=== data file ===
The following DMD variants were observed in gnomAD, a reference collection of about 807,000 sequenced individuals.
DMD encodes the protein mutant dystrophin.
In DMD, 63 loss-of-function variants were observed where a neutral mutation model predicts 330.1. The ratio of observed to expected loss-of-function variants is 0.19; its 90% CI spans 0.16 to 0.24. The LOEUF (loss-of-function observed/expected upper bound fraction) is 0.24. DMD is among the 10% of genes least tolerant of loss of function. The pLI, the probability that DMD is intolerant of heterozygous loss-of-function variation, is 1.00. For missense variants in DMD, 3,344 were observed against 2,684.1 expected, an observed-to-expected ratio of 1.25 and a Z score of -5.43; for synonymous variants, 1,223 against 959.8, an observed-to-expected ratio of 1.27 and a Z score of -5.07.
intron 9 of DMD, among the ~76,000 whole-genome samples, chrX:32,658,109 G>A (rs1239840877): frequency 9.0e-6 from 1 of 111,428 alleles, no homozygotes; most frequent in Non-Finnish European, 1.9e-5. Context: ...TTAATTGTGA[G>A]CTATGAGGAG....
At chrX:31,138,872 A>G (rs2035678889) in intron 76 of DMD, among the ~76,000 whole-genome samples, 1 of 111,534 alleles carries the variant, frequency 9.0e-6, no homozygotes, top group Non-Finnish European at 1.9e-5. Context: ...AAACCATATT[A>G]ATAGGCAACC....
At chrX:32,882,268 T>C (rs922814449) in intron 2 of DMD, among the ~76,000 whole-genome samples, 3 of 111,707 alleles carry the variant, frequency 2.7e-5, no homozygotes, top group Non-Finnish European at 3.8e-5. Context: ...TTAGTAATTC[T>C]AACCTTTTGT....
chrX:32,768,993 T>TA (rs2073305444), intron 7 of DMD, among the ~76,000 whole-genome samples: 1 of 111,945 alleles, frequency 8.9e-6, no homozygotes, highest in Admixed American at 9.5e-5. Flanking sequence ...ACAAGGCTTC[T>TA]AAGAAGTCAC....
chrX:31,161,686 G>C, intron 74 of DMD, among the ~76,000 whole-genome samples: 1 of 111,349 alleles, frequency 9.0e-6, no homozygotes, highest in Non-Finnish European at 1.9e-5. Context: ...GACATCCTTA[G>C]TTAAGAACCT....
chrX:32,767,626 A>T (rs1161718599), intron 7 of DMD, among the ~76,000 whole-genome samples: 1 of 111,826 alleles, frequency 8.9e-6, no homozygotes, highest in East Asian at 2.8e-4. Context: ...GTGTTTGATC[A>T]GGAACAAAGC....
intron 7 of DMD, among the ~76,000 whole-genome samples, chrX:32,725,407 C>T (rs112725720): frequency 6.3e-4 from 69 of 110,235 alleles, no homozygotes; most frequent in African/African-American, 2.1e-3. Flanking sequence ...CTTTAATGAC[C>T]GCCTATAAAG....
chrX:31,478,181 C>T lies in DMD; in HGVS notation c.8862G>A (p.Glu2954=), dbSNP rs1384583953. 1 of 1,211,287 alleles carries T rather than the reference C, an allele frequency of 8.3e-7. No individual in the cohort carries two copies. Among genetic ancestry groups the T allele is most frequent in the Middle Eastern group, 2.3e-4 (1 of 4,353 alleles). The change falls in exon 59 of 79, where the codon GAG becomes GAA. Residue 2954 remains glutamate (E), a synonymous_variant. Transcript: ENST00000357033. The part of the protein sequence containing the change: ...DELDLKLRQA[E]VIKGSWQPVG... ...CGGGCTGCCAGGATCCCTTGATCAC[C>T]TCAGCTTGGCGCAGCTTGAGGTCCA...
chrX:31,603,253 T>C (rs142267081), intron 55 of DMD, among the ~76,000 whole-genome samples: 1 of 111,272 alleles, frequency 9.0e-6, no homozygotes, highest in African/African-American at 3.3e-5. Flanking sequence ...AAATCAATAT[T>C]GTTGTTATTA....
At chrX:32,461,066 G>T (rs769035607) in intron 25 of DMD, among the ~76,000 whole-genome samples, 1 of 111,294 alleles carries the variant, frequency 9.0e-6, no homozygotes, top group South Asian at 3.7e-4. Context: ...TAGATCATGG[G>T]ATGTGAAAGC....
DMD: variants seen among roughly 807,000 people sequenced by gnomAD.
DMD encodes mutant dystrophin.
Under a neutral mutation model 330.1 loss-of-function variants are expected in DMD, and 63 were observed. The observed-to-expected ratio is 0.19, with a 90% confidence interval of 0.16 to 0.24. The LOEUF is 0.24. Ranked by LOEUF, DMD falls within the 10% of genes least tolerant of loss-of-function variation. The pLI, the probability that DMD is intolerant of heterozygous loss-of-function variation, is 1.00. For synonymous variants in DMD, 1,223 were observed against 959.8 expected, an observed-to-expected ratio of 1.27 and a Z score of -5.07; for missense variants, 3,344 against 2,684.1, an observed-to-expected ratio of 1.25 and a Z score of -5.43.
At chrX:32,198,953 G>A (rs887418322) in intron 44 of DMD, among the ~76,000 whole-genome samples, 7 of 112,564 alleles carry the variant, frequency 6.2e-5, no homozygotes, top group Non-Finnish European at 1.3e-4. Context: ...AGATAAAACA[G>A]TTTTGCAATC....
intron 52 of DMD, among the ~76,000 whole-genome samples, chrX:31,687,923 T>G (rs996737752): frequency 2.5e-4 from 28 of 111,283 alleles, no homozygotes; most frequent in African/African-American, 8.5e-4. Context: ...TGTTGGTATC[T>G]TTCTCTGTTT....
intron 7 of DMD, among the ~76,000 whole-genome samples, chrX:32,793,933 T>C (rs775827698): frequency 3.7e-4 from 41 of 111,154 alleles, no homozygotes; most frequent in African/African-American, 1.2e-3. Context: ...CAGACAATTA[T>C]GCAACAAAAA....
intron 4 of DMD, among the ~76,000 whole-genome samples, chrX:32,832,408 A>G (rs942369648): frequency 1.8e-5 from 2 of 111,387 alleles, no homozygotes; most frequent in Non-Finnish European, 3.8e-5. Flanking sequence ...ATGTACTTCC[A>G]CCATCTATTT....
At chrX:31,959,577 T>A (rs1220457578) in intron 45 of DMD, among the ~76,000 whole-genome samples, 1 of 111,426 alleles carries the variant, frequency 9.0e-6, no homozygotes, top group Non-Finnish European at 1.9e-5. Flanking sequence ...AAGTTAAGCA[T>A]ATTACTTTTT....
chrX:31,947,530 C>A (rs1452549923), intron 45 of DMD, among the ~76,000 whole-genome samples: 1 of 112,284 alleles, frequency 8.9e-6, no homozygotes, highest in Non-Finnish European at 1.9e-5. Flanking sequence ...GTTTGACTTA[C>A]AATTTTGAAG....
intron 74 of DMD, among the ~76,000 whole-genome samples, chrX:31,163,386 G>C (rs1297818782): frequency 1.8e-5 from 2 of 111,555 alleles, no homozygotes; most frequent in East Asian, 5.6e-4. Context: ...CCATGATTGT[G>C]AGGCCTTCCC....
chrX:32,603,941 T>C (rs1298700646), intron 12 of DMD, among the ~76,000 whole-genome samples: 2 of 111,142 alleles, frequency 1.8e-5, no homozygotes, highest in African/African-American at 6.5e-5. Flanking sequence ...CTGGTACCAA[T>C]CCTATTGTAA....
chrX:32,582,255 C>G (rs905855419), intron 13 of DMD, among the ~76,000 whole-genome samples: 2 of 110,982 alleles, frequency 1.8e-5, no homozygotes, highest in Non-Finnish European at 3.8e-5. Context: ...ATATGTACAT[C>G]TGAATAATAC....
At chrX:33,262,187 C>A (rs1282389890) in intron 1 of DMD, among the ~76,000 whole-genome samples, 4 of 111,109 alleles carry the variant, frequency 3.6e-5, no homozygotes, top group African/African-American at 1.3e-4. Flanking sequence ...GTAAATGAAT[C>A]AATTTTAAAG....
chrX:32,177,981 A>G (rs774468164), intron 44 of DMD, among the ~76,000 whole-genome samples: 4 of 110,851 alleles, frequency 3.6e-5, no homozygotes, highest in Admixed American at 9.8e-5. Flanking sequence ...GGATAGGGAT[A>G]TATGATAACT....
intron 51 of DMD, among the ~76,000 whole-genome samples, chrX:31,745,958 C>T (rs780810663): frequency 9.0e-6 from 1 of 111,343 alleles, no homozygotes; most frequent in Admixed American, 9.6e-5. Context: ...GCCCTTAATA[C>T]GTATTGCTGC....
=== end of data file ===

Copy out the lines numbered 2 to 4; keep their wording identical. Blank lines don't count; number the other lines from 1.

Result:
DMD encodes the protein mutant dystrophin.
In DMD, 63 loss-of-function variants were observed where a neutral mutation model predicts 330.1. The ratio of observed to expected loss-of-function variants is 0.19; its 90% CI spans 0.16 to 0.24. The LOEUF (loss-of-function observed/expected upper bound fraction) is 0.24. DMD is among the 10% of genes least tolerant of loss of function. The pLI, the probability that DMD is intolerant of heterozygous loss-of-function variation, is 1.00. For missense variants in DMD, 3,344 were observed against 2,684.1 expected, an observed-to-expected ratio of 1.25 and a Z score of -5.43; for synonymous variants, 1,223 against 959.8, an observed-to-expected ratio of 1.27 and a Z score of -5.07.
intron 9 of DMD, among the ~76,000 whole-genome samples, chrX:32,658,109 G>A (rs1239840877): frequency 9.0e-6 from 1 of 111,428 alleles, no homozygotes; most frequent in Non-Finnish European, 1.9e-5. Context: ...TTAATTGTGA[G>A]CTATGAGGAG....